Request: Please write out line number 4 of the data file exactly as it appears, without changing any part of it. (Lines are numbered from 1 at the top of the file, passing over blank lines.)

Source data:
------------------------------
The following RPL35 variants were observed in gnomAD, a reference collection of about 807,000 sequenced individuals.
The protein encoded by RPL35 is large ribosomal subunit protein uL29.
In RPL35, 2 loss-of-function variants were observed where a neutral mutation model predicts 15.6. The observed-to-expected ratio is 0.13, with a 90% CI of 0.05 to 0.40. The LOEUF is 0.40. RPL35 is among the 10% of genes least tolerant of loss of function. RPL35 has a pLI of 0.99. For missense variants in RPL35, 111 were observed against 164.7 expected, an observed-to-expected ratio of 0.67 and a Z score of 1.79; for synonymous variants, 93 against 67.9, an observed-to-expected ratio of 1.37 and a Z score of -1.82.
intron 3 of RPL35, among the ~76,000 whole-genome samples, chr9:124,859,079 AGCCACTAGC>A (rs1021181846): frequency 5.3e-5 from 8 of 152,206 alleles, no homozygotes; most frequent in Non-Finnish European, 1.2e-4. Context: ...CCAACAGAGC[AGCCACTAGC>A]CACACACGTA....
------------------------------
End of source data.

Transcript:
intron 3 of RPL35, among the ~76,000 whole-genome samples, chr9:124,859,079 AGCCACTAGC>A (rs1021181846): frequency 5.3e-5 from 8 of 152,206 alleles, no homozygotes; most frequent in Non-Finnish European, 1.2e-4. Context: ...CCAACAGAGC[AGCCACTAGC>A]CACACACGTA....